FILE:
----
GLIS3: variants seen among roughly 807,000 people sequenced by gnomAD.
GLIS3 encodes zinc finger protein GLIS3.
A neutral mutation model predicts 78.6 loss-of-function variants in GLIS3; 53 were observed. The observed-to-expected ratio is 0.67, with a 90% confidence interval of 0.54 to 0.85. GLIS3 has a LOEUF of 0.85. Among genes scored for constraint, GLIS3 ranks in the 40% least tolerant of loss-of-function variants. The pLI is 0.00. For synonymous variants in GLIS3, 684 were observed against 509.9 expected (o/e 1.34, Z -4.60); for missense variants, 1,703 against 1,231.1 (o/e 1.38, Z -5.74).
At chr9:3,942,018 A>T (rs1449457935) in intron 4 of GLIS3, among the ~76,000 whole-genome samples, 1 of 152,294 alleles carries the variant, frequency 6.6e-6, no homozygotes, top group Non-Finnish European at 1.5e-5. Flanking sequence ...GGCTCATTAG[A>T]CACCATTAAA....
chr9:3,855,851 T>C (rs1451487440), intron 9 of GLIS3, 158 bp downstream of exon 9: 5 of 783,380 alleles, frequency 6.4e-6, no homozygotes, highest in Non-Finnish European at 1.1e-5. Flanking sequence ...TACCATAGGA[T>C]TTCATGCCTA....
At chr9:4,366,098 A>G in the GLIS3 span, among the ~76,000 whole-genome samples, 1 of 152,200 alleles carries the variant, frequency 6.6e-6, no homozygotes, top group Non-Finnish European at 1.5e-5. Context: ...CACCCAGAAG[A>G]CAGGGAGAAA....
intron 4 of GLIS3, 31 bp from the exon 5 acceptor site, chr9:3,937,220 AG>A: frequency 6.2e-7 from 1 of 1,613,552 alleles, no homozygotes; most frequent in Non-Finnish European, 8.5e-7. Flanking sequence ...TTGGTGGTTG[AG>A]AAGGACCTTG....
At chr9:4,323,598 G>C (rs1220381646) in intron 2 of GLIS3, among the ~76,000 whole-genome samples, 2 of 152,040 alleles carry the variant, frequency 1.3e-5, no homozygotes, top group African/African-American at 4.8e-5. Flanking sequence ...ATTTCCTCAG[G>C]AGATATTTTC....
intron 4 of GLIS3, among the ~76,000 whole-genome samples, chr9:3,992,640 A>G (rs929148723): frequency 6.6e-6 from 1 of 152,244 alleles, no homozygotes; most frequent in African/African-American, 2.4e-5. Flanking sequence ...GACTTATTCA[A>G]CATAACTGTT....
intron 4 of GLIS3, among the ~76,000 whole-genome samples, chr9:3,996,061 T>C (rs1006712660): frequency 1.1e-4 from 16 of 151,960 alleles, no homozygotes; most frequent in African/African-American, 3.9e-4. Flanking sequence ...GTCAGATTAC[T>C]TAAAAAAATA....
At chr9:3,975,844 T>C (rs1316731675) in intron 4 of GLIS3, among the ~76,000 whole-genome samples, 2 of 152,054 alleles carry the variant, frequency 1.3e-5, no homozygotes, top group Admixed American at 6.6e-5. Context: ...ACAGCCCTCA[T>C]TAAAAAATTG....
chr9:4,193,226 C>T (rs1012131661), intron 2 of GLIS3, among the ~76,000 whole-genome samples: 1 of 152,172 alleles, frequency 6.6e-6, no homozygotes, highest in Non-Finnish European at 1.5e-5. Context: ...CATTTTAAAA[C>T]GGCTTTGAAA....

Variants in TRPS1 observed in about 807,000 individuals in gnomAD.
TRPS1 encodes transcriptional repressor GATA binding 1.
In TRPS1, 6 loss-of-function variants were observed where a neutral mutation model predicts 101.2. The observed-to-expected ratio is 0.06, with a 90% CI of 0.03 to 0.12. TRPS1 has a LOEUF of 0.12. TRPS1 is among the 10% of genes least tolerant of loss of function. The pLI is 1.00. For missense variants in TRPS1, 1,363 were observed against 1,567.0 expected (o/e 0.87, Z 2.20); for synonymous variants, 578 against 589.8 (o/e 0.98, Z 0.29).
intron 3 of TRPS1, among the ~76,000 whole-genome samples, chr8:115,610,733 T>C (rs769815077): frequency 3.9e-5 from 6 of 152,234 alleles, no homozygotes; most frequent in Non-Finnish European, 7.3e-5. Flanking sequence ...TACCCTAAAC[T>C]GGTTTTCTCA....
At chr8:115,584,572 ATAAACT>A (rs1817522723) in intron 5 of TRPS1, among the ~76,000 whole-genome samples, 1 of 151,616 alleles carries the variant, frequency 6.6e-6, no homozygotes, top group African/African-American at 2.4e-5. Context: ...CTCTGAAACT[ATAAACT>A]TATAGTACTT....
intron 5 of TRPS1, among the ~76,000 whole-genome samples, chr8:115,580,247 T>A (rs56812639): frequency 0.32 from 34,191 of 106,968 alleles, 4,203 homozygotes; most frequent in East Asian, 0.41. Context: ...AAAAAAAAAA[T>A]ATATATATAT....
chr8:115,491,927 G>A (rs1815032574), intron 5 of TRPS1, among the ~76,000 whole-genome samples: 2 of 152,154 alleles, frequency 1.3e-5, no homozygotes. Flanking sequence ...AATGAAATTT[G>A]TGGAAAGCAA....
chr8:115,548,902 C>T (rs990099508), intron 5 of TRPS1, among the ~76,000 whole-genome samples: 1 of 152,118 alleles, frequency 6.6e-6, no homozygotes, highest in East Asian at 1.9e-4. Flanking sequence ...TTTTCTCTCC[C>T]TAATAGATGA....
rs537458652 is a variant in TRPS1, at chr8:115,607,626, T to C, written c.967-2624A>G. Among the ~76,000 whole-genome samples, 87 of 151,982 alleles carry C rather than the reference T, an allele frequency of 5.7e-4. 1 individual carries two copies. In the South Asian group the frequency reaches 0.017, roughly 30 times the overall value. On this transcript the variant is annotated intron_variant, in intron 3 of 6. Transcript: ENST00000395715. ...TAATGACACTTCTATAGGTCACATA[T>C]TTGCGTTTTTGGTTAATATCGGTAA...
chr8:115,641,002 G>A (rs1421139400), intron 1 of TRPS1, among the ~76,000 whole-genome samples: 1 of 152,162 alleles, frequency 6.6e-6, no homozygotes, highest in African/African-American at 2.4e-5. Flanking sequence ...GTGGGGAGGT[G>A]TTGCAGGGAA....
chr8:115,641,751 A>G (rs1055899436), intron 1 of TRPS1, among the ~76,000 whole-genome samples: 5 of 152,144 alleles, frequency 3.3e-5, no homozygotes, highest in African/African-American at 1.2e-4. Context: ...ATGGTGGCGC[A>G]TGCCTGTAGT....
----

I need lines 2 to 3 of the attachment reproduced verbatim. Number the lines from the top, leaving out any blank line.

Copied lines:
GLIS3 encodes zinc finger protein GLIS3.
A neutral mutation model predicts 78.6 loss-of-function variants in GLIS3; 53 were observed. The observed-to-expected ratio is 0.67, with a 90% confidence interval of 0.54 to 0.85. GLIS3 has a LOEUF of 0.85. Among genes scored for constraint, GLIS3 ranks in the 40% least tolerant of loss-of-function variants. The pLI is 0.00. For synonymous variants in GLIS3, 684 were observed against 509.9 expected (o/e 1.34, Z -4.60); for missense variants, 1,703 against 1,231.1 (o/e 1.38, Z -5.74).